Friday, 17 August 2012

Is fascism nationalist?


Following my negative definition of fascism as a secular (not religious), anti-egalitarian (reacting against Leftism, to at least that extent) and non-monarchial form of government...

(Insofar as fascism is monarchial, religious and/ or egalitarian - it is to that extent not fascism. of course, pure forms or types of political system are seldom/ never seen in reality - or at least not for long...)

, and considering the discussion in the comments,

there arises the matter of whether fascism was nationalist?


The answer, I think, is that successful fascism was nationalist.

Because fascism is a secular form of government, unless there is a strong nationalist sentiment, fascism cannot achieve the cohesion necessary to defeat Leftism.

And this is why fascism was a temporary phase during the early/ mid twentieth century - because strong nationalism is merely temporary (immediately post-religious) phase, and rapidly dwindles in just a few decades.


(Modern nationalism is merely a sub-type of Leftism - the self-award of victim status to a whole nation.)


So, a non-nationalist fascism was possible, but it would probably be small and weak. The fascisms which were successful enough to get themselves a piece of power were nationalist. 



JP said...

"this is why fascism was a temporary phase during the early/ mid twentieth century - because strong nationalism is merely temporary (immediately post-religious) phase, and rapidly dwindles in just a few decades."

Fascism was a "temporary phase" because it was crushed by the armed forces of the Left not because it rapidly dwindled through some mysterious and inevitable process.

World War II was the Left's victorious crusade against the international status quo.

bgc said...

@JP - well what about Spain and Portugal - and why did fascism not arise again elsewhere (the the way that communism did)?

It was crushed because it was weaker, it was weaker because strong nationalism is temporary - driven (merely) by the resentment of local elites and their desire to be big fish in a small pond.

Either the process continues, with continuing fragmentation of nations, or else it weakens before this happens.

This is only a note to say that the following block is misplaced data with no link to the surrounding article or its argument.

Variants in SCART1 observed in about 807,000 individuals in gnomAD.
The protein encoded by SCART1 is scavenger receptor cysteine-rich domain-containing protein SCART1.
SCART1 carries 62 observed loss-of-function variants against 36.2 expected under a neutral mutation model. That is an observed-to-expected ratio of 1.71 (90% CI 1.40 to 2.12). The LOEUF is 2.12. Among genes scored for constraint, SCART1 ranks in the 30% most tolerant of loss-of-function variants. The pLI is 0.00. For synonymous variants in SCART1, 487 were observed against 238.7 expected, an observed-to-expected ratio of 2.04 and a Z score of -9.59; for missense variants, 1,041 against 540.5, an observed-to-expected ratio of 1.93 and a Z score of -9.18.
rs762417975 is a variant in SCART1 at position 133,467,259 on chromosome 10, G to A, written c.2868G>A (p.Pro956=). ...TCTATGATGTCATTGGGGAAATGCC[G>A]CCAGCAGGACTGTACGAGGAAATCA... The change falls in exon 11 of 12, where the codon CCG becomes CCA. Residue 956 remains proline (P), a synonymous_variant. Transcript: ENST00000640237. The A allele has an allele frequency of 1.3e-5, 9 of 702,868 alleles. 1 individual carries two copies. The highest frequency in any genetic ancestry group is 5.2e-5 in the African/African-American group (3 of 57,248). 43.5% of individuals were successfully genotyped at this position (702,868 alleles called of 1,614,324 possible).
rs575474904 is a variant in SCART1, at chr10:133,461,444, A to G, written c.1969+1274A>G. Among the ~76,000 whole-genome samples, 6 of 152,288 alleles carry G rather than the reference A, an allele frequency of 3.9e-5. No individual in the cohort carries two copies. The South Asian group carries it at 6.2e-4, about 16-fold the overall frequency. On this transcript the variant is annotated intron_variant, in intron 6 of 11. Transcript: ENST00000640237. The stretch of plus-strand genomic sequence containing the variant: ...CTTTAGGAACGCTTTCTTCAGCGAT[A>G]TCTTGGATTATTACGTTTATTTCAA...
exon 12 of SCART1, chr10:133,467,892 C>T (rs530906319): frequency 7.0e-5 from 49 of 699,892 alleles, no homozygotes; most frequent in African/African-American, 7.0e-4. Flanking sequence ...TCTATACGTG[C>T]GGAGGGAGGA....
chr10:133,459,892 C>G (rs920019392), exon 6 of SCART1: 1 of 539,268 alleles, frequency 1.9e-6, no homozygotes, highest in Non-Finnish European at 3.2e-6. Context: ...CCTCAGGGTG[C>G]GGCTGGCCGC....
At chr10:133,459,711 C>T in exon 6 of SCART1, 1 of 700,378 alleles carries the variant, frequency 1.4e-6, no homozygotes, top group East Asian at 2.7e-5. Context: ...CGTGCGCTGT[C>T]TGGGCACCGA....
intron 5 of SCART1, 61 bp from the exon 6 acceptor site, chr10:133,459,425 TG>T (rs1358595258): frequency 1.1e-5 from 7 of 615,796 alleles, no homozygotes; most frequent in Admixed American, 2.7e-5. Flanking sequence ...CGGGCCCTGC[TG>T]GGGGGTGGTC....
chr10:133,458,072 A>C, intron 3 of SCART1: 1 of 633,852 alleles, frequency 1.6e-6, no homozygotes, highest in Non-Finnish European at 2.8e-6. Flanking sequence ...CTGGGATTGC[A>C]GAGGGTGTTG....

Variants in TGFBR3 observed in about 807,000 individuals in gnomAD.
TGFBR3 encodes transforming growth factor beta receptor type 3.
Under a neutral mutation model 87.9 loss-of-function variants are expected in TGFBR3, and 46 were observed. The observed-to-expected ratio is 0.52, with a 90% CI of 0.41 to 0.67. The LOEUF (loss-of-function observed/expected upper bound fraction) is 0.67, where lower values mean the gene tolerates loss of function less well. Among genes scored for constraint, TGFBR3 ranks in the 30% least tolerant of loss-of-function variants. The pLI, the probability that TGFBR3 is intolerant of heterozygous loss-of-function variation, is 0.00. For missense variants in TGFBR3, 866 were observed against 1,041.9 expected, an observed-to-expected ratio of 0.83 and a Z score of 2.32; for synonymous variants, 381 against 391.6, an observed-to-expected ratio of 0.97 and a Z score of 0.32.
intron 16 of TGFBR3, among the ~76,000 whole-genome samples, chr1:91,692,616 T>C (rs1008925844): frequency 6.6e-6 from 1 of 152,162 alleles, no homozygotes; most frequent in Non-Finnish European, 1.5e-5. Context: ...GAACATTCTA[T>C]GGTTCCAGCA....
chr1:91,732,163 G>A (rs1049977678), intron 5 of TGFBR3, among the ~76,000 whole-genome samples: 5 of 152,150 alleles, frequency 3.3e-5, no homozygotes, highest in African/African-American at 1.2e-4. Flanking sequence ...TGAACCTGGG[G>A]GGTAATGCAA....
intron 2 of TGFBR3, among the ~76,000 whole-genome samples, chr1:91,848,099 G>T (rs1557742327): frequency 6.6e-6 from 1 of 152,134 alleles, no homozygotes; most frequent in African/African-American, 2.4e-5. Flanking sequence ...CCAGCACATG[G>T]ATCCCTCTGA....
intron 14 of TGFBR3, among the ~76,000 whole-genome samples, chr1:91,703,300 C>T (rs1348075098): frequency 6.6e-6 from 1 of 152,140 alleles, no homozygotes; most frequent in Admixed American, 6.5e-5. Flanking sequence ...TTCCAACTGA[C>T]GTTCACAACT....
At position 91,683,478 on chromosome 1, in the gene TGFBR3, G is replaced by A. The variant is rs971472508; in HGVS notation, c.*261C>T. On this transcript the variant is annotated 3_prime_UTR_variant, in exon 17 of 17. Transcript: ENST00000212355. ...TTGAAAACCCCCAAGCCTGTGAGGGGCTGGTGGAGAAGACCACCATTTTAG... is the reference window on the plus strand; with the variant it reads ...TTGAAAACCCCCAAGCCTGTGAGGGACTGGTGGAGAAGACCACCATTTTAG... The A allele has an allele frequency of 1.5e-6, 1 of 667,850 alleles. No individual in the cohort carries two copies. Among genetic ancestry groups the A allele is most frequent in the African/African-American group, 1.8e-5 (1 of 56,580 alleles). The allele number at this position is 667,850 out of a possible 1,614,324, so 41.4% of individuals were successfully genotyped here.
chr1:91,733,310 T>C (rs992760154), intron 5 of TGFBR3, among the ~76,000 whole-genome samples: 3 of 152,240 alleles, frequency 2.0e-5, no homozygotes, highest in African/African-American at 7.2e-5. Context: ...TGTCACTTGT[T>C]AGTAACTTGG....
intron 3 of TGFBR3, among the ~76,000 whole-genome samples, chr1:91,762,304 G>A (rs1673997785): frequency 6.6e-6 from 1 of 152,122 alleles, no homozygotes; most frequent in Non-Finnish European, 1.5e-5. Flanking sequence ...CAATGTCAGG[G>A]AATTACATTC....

Nationalism just is *not* a powerful motivator of human beings, not a powerful and sustained reason for cohesion - that it is, is just another Leftist myth.

Leftism is, of course, anti-cohesion - a parasitic process of a nation feeding-upon-itself; the 'cohesion' of a band of pirates.

Leftist anti-cohesion (i.e. highly pure evil) has beaten cohesion whether religious or nationalist; it has triumphed due to the evil choices of innumerable people.

For a Christian this is not a surprise (since evil has the upper hand on earth) but is nonetheless a terrible, terrible thing.

dearieme said...

Was Salazar a fascist? Surely he ran a conservative, authoritarian Roman Catholic regime of the sort that that church would like to have seen more of.

WKPD: "Despite the repressive character of his rule and controversial colonial policy, Salazar remains thoroughly popular among the Portuguese. On 26 March 2007 he was elected "Greatest Portuguese" in the public poll Os Grandes Portugueses."

bgc said...

@d - I don't really know anything about Salazar, or indeed Portugal (but I am pretty well informed about Spain) - except that 'everybody' used to say he was a fascist before he was deposed.

Of course, most Leftists use 'fascist' to refer to any government to their right of which they disapprove, while mainstream secualr conservatives also use the to refer to theocracies.

I suppose the point of these posts about fascism is to suggest that there *could* be a reasonably specific use of the term, to refer to a particular type of right wing government of the twentieth century (not earlier) - my suggestion excludes all more ancient forms of government on the one hand, excludes theocracy as well, and differentiates fascism from communism on the other hand.

dearieme said...

For what it's worth, my own conclusion is that the only unmistakably fascist regime (at least in Western Europe) was Il Duce's.

You could argue that

Hitler = fascism + anti-semitism

Franco = Fascists + Royalists + authoritarian Roman Catholic reactionaries

Salazar = authoritarian Roman Catholic conservatives

Of that lot I know least (by far) about Salazar.

What about Eastern Europe?

JP said...

Spain and Portugal hung on for a while but ultimately were unable to resist the power of the international Left. Not being world powers in any case, they were hardly able to lead the forces of Fascism to a resurgence.

Fascism did not arise elsewhere after WW2 because the United States and the Soviet Union did not permit it to do so - least of all in Europe, the birthplace of Fascism. Together, the Americans and the Soviets eliminated the old European political operating system, and reinstalled a new one in which only different shades of Leftism could flourish (Fascim, of course, being legally proscribed in most countries).

Strong nationalism - not necessarily in the "Fascist" form - persisted for a long time after World War II.

The reason nationalism is a powerful motivator is that it is the natural basis for the expression of ethnic groups - a force that even the Soviets were unable to suppress. Speaking of which, Leftist anti-cohesion in the Soviet Union did not beat religious or nationalist cohesion either in Eastern Europe or the USSR itself.

baduin said...

For a good introduction to nationalism, I suggest "Holy Madness" of Zamoyski.

For an example of a resurgence of Fascism, I suggest China.